TWO MORNING WALKS INTO YEO VALLEY
WEATHER; Changeable for the last 3 days, sometimes atrocious with very strong gales and rain (all day Saturday 14th ) mixed sunshine and cloud with rain (Sunday 15th ) and very calm, but a grey sky today (Monday 16th )
I never ventured out of the flat on Saturday, not for one minute, it was horrendous out there, very strong winds and torrential rain, the pool in the meadow has reappeared. I don’t’ recall seeing a single bird!!
Sunday was much better, it was quite windy, but we did have some sunny spells, the first few hours were cloudy with blue patches. Then the cloud cleared and it was fantastic, we had a clear blue sky from 9-11 am. Two Red-legged Partridges were sitting on our fence when I looked out at 7:30, of course they were gone by the time I got my phone into camera mode.
I went for a short walk along the lane to the Railway Station and turned into the Valley, I was shocked to see how high the stream had risen, it is usually about 3 meters (10ft) below the bank, but overnight it had burst its banks in several places. I could see from the debris in the trees that it had risen substantially in many places without encroaching into the meadow, It had even covered the Kingfisher’s hole which has now disappeared.
the river Yeo almost bursting its banks
I saw very few species and even fewer to photograph, it was quite cold out there too. I made short circular walk through the valley and returned over the top of Rook’s Hill before I walked across the lane and headed south into woodland along the stream.
the sloping meadow to the south of the valley, this hawthorn hedge was covered in berries (and thrushes) a week ago, now it is as barren as my wallet!
I did finally find a few species, Redwing, Blackbird, Robin, Blue & Great Tits in the hedgerows and Pied Wagtails (10+) and Common Buzzards (7) in the seeded meadow.
clear blue sky in the meadow
when you are struggling to find anything to photograph you can always rely on the this little beauty to turn up!
Today, Monday 15th, November 2020
I walked the entire route around the valley, following the stream all the way down to the River Yeo and following the Yeo eastward to Rook’s Hill before I walked up and over the hill southward back to the lane. There was a beautiful red sky at 7am, it had faded to grey by the time I went out at 8.
I found a Great Spotted Woodpecker in the large oak next to the entrance track to the valley, but he would not sit still for the camera.
A Raven flew over me and landed in the dead tree on the top of Rook’s Hill, you have seen this bird many times in the past, but here he is again.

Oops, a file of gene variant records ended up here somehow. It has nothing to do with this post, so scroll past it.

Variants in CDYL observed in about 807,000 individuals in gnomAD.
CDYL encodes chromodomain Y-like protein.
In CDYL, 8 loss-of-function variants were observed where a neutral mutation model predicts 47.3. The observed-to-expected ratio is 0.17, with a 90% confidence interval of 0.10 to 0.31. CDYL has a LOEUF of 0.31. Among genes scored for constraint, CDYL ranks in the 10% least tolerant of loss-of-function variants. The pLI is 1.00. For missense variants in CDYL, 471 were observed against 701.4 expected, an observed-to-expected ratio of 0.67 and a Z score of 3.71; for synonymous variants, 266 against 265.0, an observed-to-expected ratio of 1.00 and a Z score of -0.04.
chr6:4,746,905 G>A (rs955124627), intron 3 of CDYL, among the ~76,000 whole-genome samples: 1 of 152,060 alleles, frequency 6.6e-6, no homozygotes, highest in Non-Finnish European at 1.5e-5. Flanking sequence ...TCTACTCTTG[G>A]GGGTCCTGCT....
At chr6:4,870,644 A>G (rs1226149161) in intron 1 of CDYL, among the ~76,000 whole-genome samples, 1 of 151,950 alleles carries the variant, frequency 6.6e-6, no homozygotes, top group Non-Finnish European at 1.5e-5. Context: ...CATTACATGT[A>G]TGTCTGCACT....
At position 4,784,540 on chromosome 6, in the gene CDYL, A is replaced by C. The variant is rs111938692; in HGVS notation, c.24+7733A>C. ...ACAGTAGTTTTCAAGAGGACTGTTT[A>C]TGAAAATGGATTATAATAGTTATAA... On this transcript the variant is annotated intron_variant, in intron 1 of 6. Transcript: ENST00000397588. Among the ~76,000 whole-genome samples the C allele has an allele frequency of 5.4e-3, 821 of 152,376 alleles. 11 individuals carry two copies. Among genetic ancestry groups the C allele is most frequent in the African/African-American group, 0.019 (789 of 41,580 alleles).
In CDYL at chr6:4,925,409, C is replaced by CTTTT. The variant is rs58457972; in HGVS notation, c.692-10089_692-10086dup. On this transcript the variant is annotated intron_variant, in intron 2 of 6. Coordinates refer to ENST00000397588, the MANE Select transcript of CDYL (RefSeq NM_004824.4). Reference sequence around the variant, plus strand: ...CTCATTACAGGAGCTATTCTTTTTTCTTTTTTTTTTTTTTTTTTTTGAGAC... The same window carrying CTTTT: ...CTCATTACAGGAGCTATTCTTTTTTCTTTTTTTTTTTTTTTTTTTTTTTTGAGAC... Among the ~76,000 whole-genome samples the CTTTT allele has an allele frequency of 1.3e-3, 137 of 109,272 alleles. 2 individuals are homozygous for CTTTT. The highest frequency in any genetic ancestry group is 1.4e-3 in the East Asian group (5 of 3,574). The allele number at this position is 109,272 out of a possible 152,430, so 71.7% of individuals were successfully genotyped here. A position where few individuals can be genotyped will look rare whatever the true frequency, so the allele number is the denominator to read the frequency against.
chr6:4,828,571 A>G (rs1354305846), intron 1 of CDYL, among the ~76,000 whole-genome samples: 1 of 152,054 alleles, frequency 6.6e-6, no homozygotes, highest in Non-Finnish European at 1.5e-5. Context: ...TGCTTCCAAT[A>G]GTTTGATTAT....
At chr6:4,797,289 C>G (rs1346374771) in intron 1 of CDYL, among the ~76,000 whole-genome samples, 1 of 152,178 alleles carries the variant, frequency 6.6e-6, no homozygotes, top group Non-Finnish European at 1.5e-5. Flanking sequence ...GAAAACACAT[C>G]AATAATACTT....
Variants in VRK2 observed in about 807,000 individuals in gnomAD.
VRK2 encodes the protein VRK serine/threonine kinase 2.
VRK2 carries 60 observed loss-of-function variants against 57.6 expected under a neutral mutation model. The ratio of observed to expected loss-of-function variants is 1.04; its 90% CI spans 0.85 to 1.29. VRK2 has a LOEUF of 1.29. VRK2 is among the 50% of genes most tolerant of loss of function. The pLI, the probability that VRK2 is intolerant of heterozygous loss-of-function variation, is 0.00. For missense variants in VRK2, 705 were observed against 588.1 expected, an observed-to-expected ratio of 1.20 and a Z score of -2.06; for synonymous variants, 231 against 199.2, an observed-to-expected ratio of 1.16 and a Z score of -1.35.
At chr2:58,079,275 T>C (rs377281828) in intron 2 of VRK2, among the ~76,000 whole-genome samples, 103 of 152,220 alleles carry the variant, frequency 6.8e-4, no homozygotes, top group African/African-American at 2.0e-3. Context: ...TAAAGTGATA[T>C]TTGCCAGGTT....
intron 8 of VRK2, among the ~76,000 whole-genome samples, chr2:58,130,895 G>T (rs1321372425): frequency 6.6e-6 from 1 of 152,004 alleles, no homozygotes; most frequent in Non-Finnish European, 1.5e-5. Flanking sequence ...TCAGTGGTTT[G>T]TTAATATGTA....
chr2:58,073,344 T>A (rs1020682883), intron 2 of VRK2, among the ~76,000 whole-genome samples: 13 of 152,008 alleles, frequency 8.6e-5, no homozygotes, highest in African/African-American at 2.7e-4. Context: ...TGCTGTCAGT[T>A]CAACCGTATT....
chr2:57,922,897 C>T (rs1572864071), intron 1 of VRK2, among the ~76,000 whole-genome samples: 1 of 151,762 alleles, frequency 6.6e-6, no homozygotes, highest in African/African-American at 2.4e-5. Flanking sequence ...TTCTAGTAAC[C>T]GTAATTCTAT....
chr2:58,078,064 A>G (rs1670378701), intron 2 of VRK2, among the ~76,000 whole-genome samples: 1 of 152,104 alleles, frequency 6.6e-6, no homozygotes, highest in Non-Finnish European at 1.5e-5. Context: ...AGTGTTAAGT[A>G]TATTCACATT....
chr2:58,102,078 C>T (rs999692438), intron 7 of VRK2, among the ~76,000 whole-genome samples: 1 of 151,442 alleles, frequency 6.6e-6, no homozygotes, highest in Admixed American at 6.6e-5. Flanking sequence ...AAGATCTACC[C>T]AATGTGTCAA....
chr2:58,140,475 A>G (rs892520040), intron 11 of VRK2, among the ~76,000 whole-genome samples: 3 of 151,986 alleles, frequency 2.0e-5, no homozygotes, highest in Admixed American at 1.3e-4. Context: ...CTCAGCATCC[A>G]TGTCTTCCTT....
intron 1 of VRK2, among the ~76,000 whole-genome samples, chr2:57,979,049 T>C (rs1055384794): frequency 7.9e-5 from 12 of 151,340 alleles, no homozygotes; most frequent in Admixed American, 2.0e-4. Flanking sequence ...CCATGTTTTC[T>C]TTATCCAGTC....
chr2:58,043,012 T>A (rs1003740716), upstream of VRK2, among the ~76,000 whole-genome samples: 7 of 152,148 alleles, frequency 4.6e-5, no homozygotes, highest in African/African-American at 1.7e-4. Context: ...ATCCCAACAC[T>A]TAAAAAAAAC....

I counted 33 Red-legged Partridges and a few Pheasants in the fields behind the stream and at the confluence of the Stream and the River Yeo I enjoyed a few minutes with a party of four Bullfinches.
two male Bullfinches
A Redwing also sat still for a little while and I heard the splashing of an Otter just below me in the Yeo, the animal was hidden behind a bush and shot off down river when a dog started barking at me, two dog walkers and three dogs walked past, don’t you just love them?
Before I reached the slopes of Rook’s Hill I noticed a very large mushroom in the meadow (all the sheep have now been removed for the winter lambing), and on closer inspection I discovered that it was an edible Parasol mushroom, very quickly I found several more, yummy! Dawn and I are going to have them for dinner with eggs, bacon and beans. If I do not write a blog for the next few days you can guess that I got the ID wrong on the mushrooms!! Ha!
the Parasol Mushroom - no its not growing on my scope!!
On the slope of the hill I stood and watched the dead trees and the fence for a while, then I added a new bird to my ‘patch list’ when a pair of SHOVELERS flew over, that made my day. Then a small flock of 9 Siskins flew into an alder tree, they were at eye-level, but they sat about 50 meters away. I noticed after a while that they also used a dead ash tree for foraging, they were actually eating the dead wood. I could see them stripping off the lichen to get at the wood?? Never seen that behaviour before, have you?
two Siskins from the flock - you can see the bare wood where these birds have stripped off the lichen to eat the wood!
My return home was via the top of Rook’s Hill, I saw Jay, Jackdaws, Black-headed and Herring Gulls, more Chaffinches flew over (did I mention that I had seen Chaffinches all morning flying over in small numbers?).
a poor record shot of a female type Siskin
During a walk through the village later on, I added Collared Dove, Common Starling and a Coal Tit to the day list. As usual Nuthatches were visiting my feeders too!